More on the Tudors

In 13 History on 2016/06/10 at 12:00 AM

• When Elizabeth I was crowned as Queen of England in 1558, the very first thing she did was to reverse the reestablishment of Catholicism as the official religion of the realm, a decision made by her half-sister and predecessor, Queen Mary.

• You’ll remember that their father, King Henry VIII, had broken from the one, holy, Catholic and apostolic church in 1534 and formed the Church of England in response to the pope’s refusal to annul his marriage to Catherine of Aragon.

• Henry’s immediate successor, Edward VI, brought on the formal adoption of Protestantism during his reign from 1547 to 1553, but that was brought to a halt under the reign of the Catholic Queen Mary, who ruled from 1553 until 1558.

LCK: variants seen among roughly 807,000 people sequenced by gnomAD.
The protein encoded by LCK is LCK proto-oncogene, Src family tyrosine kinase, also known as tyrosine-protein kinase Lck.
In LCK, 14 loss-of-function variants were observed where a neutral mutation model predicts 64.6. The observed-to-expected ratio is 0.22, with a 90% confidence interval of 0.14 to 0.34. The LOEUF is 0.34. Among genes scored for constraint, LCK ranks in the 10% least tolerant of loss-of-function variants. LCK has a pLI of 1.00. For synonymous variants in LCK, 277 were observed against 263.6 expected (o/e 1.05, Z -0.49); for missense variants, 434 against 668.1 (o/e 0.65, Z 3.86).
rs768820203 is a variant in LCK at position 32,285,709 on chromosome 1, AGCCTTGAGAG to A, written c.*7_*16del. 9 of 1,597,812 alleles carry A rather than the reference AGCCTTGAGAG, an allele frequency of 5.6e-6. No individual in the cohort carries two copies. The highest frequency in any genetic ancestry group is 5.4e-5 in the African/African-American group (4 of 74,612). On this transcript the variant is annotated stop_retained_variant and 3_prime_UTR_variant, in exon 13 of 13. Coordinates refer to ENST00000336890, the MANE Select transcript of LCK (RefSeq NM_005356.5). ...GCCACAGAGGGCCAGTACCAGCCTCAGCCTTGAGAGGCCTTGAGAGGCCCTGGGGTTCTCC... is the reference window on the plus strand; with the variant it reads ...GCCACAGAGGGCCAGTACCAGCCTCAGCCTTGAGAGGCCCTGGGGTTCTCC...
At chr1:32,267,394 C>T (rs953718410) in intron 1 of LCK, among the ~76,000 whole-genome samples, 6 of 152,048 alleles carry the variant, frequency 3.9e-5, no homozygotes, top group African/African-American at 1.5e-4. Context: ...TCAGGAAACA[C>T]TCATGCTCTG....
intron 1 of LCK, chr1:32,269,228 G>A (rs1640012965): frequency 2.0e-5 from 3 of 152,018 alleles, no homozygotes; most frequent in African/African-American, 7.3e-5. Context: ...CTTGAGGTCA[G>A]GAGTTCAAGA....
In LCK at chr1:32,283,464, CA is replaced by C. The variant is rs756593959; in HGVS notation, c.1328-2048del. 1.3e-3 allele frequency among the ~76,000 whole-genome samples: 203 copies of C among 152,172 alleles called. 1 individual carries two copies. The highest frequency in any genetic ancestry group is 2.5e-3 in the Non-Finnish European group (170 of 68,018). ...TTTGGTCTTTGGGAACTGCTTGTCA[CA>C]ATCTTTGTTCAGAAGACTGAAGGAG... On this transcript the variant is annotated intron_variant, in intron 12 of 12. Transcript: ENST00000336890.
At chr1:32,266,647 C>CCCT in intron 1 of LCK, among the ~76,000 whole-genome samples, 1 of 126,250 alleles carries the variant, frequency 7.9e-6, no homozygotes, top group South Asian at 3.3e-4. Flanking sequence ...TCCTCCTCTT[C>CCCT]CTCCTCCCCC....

• Queen Mary was convinced that she was to bring the true faith back to England, but she died before her mission was fully accomplished, and her half-sister, ironically known as “Good Queen Bess” very quickly moved to suppress Catholicism upon ascending to the throne.

• Thus, from 1558 until 1829, Roman Catholics in England were not permitted to practice their faith openly. Moreover, not only were Catholics not allowed to practice their faith, but many were imprisoned and eventually martyred for the Faith, especially many priests.

• While ultimately this period of English anti-Catholicism is a sad episode in Church history, many saints were borne out of the Church’s suffering, including martyrs such as St. Edmund Campion, who was hung, drawn and quartered by “Good Queen Bess” simply for being a Catholic priest and for refusing to renounce his Catholic faith.

Excerpted for Fr. Timothy Reid’s  sermon on the Epiphany re the Twelve Days of Christmas.


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